Since 2017, AI researchers have been using AI neural networks to help design better and faster AI neural networks. Applying AI in pursuit of better AI has, to date, been a largely academic pursuit—mainly because this approach requires tens of thousands of GPU hours. If that’s what it takes, it’s likely quicker and simpler to design real-world AI applications with the fallible guidance of educated guesswork.
Next month, however, a team of MIT researchers will be presenting a so-called “Proxyless neural architecture search” algorithm that can speed up the AI-optimized AI design process by 240 times or more. That would put faster and more accurate AI within practical reach for a broad class of image recognition algorithms and other related applications.
“There are all kinds of tradeoffs between model size, inference latency, accuracy, and model capacity,” says Song Han, assistant professor of electrical engineering and computer science at MIT. Han adds that:
“[These] all add up to a giant design space. Previously people had designed neural networks based on heuristics. Neural architecture search tried to free this labor intensive, human heuristic-based exploration [by turning it] into a learning-based, AI-based design space exploration. Just like AI can [learn to] play a Go game, AI can [learn how to] design a neural network.”
And just like AI programs that have been victorious at Go and chess have taught grandmasters of those games new strategies, the AI-optimized AI results have provided new approaches to AI neural network design.
The type of AI neural network whose development the new MIT algorithm speeds up is called a convolutional neural network (CNN). CNNs are typically the go-to neural nets for image recognition programs. CNNs’ applications beyond images and video include natural language processing and drug discovery.
MIT’s Han notes that once his group’s algorithm sets up its optimal CNN, the resulting system will likely classify images 1.8 times as fast as the current industry standard.
Han says three big ideas contributed to the team’s ability to pinpoint optimal CNN designs at such blazing speeds.
For one, they reduced the memory load on GPUs running a neural architecture search. A standard neural architecture search might examine all possible connections between neural layers in the network simultaneously. Han’s group instead saved in the GPU’s memory just one path at a time. This trick, which enables a full search of the parameter space while using one-tenth the amount of space in memory, allowed their search to cover more network configurations without running out of room on the chip.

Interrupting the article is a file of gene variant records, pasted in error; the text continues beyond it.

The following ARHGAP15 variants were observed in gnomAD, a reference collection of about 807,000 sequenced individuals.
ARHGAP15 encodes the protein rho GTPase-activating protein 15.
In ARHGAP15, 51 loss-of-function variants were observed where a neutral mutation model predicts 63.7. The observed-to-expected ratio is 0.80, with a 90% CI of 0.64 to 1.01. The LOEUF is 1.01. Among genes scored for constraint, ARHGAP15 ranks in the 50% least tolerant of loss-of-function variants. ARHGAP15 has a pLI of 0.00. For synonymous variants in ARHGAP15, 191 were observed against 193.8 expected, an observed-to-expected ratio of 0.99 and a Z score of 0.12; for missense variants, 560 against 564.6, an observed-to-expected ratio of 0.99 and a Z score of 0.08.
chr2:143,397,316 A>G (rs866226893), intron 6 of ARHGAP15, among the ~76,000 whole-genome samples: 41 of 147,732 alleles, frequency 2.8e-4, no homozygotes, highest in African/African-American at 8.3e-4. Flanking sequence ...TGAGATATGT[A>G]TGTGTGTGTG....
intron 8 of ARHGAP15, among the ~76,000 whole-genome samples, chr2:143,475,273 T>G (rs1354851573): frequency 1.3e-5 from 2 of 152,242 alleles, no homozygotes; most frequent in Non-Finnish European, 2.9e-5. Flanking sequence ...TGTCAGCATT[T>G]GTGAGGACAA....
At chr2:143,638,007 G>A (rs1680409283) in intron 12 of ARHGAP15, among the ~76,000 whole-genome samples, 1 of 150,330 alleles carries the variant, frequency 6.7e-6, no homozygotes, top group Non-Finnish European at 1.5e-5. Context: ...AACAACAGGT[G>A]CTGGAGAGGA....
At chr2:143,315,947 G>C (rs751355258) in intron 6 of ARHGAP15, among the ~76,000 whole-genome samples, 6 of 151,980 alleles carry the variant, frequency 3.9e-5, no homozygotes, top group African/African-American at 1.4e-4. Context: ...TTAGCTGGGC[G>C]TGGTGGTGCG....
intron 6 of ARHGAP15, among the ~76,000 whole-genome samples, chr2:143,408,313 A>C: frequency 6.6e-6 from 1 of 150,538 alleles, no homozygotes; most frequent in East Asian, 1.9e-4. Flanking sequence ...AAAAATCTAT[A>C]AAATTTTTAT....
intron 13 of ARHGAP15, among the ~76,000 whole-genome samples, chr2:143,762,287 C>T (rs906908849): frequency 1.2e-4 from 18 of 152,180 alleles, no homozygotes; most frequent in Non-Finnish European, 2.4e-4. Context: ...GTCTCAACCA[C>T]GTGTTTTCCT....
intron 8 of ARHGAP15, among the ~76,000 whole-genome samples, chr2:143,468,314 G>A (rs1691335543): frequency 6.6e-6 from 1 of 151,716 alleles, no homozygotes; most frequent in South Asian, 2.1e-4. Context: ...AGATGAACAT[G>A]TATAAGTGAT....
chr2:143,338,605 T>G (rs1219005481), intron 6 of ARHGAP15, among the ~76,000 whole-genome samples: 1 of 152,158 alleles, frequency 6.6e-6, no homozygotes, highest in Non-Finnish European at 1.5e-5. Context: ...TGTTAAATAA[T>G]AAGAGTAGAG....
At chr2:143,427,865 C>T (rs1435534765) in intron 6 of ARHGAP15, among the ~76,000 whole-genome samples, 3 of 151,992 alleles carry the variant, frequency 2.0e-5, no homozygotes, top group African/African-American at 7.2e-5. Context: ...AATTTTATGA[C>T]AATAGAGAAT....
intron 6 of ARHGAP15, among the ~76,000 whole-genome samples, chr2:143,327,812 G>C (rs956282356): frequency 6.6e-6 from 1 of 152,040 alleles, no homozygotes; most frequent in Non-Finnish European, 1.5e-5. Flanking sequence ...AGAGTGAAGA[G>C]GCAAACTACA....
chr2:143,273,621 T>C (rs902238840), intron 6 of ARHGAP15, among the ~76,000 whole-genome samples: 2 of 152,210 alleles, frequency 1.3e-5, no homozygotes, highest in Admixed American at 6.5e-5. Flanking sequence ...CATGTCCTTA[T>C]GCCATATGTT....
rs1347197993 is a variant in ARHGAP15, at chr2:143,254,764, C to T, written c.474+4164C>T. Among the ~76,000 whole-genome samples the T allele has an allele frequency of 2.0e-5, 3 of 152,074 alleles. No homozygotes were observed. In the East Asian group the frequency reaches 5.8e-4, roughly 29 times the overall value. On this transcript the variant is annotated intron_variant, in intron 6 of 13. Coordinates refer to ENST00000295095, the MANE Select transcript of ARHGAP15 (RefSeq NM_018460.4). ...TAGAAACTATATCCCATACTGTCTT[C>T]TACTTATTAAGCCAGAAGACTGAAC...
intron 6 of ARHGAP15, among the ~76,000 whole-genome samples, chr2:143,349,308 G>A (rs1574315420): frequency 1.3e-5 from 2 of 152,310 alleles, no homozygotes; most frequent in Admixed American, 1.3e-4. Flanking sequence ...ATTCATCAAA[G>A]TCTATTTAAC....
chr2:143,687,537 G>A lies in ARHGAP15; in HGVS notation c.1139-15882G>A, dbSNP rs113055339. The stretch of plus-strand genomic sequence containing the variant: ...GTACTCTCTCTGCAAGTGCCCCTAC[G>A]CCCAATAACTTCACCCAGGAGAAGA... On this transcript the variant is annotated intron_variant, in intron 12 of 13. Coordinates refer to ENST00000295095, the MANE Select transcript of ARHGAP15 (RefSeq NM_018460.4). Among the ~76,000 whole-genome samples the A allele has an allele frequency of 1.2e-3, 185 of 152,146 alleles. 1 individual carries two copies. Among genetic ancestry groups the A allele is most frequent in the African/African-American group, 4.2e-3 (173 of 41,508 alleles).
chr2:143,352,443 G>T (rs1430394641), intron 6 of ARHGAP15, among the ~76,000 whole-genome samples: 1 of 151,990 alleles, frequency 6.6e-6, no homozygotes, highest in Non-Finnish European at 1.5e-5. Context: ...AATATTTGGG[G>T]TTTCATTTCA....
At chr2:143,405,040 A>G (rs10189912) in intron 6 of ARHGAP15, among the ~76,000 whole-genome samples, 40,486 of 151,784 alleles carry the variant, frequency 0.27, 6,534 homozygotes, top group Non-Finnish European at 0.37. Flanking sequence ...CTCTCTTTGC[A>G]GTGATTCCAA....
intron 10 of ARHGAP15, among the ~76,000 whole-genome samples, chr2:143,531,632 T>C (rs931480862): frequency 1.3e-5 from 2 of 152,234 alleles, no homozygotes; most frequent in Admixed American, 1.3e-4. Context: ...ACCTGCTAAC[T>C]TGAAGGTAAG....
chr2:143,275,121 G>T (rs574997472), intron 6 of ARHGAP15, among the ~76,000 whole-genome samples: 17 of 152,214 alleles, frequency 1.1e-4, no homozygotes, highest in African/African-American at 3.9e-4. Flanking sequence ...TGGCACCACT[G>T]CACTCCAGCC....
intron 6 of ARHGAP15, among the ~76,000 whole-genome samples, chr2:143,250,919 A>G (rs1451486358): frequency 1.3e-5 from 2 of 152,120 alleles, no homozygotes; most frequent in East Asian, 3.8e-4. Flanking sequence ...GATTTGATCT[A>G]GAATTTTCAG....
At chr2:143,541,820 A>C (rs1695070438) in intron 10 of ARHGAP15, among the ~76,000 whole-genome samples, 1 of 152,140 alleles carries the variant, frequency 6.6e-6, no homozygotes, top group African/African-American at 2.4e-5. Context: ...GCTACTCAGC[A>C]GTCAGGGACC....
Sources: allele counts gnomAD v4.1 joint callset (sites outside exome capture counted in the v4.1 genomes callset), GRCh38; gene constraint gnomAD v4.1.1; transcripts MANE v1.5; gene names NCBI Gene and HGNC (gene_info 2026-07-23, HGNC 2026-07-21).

The second trick up their sleeve, pruning entire paths from the neural net search that have been discarded, markedly sped up the neural network search process.
A third innovation involved making the neural net search aware of the latency times of each type of hardware the AI system might be running on—whether straight CPUs or GPU-accelerated systems to mobile platforms.
One surprise, Han says, was that conventional wisdom has been limited about some kinds of image recognition neural nets.
CNNs use filters in their image recognition algorithms that are square grids comprising 3-by-3, 5-by-5, or 7-by-7 pixels. Conventionally, 7x7-size filters are rarely used, because the thinking has been that it’s faster to run more layers of 3x3 filters than a single 7x7 filter.
However, Han says, the AI-optimized AI used a fair number of 7x7 filters—something Han attributes to the predominance of GPUs in most AI calculations today.
“It found 7x7 layers are easier on a GPU because a GPU has large parallelism,” Han says. “And invoking a large kernel call is more efficient than invoking several small kernel calls.”
Of his team’s algorithm, Han says “It provides good feedback for human engineers to design future neural networks,” It’s not, however, meant to enable AIs to build more powerful versions of themselves. (Those who fear the AI apocalypse may not have much to work with in the current research.)
This story was updated on 4 April 2019.
Margo Anderson is the news manager at IEEE Spectrum. She has a bachelor’s degree in physics and a master’s degree in astrophysics.